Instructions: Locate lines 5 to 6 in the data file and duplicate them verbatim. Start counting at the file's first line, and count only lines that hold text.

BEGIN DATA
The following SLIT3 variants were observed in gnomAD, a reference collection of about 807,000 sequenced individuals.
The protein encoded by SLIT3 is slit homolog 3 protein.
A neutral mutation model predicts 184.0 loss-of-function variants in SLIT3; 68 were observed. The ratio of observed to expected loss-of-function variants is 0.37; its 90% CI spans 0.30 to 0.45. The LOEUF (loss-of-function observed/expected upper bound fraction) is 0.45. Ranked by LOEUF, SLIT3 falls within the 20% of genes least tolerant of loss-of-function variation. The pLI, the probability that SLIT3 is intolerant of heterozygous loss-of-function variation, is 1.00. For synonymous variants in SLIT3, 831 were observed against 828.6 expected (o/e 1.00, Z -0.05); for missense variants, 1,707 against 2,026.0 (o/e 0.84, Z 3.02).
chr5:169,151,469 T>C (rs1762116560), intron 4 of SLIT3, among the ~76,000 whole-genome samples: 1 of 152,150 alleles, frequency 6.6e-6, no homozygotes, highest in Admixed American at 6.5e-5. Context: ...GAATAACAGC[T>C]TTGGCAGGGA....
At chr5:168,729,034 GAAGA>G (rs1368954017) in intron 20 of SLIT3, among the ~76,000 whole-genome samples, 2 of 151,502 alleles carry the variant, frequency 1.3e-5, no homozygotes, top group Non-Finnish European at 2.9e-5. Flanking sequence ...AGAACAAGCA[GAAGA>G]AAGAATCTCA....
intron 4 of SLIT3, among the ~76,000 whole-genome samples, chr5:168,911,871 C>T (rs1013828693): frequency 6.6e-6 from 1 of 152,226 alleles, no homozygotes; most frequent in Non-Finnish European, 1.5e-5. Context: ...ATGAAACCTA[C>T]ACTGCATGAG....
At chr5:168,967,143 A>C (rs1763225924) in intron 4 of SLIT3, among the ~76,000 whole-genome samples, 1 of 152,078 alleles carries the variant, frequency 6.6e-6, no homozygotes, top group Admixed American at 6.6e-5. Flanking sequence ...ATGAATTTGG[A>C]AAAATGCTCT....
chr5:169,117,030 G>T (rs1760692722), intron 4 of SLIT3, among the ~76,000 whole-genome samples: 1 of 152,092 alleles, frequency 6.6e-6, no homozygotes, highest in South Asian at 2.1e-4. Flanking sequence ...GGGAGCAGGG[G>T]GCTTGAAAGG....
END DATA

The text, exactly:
At chr5:168,729,034 GAAGA>G (rs1368954017) in intron 20 of SLIT3, among the ~76,000 whole-genome samples, 2 of 151,502 alleles carry the variant, frequency 1.3e-5, no homozygotes, top group Non-Finnish European at 2.9e-5. Flanking sequence ...AGAACAAGCA[GAAGA>G]AAGAATCTCA....
intron 4 of SLIT3, among the ~76,000 whole-genome samples, chr5:168,911,871 C>T (rs1013828693): frequency 6.6e-6 from 1 of 152,226 alleles, no homozygotes; most frequent in Non-Finnish European, 1.5e-5. Context: ...ATGAAACCTA[C>T]ACTGCATGAG....